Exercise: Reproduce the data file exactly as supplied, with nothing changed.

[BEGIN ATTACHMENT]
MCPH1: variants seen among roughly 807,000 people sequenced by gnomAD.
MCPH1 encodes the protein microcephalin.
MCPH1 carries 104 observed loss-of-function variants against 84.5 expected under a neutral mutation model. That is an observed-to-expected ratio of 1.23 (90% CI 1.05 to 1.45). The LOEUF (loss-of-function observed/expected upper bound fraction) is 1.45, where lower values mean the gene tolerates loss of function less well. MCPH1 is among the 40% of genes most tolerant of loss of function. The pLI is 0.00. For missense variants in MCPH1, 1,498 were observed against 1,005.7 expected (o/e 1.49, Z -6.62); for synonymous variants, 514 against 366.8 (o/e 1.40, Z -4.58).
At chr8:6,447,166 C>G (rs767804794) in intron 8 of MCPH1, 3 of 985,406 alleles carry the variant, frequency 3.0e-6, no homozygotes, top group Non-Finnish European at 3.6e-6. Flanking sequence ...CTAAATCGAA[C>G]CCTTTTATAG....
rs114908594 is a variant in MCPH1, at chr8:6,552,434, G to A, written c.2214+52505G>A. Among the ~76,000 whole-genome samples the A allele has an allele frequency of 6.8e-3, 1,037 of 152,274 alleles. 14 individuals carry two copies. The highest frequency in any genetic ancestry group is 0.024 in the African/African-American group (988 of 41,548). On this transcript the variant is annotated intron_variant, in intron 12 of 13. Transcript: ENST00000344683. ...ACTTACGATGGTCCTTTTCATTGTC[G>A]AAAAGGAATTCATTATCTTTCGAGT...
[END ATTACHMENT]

MCPH1: variants seen among roughly 807,000 people sequenced by gnomAD.
MCPH1 encodes the protein microcephalin.
MCPH1 carries 104 observed loss-of-function variants against 84.5 expected under a neutral mutation model. That is an observed-to-expected ratio of 1.23 (90% CI 1.05 to 1.45). The LOEUF (loss-of-function observed/expected upper bound fraction) is 1.45, where lower values mean the gene tolerates loss of function less well. MCPH1 is among the 40% of genes most tolerant of loss of function. The pLI is 0.00. For missense variants in MCPH1, 1,498 were observed against 1,005.7 expected (o/e 1.49, Z -6.62); for synonymous variants, 514 against 366.8 (o/e 1.40, Z -4.58).
At chr8:6,447,166 C>G (rs767804794) in intron 8 of MCPH1, 3 of 985,406 alleles carry the variant, frequency 3.0e-6, no homozygotes, top group Non-Finnish European at 3.6e-6. Flanking sequence ...CTAAATCGAA[C>G]CCTTTTATAG....
rs114908594 is a variant in MCPH1, at chr8:6,552,434, G to A, written c.2214+52505G>A. Among the ~76,000 whole-genome samples the A allele has an allele frequency of 6.8e-3, 1,037 of 152,274 alleles. 14 individuals carry two copies. The highest frequency in any genetic ancestry group is 0.024 in the African/African-American group (988 of 41,548). On this transcript the variant is annotated intron_variant, in intron 12 of 13. Transcript: ENST00000344683. ...ACTTACGATGGTCCTTTTCATTGTC[G>A]AAAAGGAATTCATTATCTTTCGAGT...